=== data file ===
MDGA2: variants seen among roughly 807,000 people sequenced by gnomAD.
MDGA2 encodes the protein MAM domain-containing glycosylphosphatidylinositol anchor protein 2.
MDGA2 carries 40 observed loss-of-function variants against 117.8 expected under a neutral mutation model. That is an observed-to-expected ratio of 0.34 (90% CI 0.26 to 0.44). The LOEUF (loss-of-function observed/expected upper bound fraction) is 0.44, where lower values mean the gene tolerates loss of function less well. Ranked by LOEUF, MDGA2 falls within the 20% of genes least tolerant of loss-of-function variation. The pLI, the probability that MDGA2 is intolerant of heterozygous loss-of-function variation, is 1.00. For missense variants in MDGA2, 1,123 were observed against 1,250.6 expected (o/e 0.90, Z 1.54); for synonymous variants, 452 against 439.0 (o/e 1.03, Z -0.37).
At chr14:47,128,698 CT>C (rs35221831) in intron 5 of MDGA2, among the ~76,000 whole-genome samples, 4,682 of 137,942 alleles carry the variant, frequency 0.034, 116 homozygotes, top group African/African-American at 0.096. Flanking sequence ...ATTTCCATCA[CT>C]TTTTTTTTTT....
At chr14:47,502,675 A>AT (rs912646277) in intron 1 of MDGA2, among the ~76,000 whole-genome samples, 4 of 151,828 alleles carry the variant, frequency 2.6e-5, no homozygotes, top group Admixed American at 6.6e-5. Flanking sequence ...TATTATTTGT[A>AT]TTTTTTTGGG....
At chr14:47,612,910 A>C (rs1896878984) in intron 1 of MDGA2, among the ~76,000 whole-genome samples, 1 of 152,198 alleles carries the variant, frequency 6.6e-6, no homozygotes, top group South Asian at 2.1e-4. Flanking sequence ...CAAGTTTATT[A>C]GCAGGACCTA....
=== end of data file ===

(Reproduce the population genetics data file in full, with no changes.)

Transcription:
MDGA2: variants seen among roughly 807,000 people sequenced by gnomAD.
MDGA2 encodes the protein MAM domain-containing glycosylphosphatidylinositol anchor protein 2.
MDGA2 carries 40 observed loss-of-function variants against 117.8 expected under a neutral mutation model. That is an observed-to-expected ratio of 0.34 (90% CI 0.26 to 0.44). The LOEUF (loss-of-function observed/expected upper bound fraction) is 0.44, where lower values mean the gene tolerates loss of function less well. Ranked by LOEUF, MDGA2 falls within the 20% of genes least tolerant of loss-of-function variation. The pLI, the probability that MDGA2 is intolerant of heterozygous loss-of-function variation, is 1.00. For missense variants in MDGA2, 1,123 were observed against 1,250.6 expected (o/e 0.90, Z 1.54); for synonymous variants, 452 against 439.0 (o/e 1.03, Z -0.37).
At chr14:47,128,698 CT>C (rs35221831) in intron 5 of MDGA2, among the ~76,000 whole-genome samples, 4,682 of 137,942 alleles carry the variant, frequency 0.034, 116 homozygotes, top group African/African-American at 0.096. Flanking sequence ...ATTTCCATCA[CT>C]TTTTTTTTTT....
At chr14:47,502,675 A>AT (rs912646277) in intron 1 of MDGA2, among the ~76,000 whole-genome samples, 4 of 151,828 alleles carry the variant, frequency 2.6e-5, no homozygotes, top group Admixed American at 6.6e-5. Flanking sequence ...TATTATTTGT[A>AT]TTTTTTTGGG....
At chr14:47,612,910 A>C (rs1896878984) in intron 1 of MDGA2, among the ~76,000 whole-genome samples, 1 of 152,198 alleles carries the variant, frequency 6.6e-6, no homozygotes, top group South Asian at 2.1e-4. Flanking sequence ...CAAGTTTATT[A>C]GCAGGACCTA....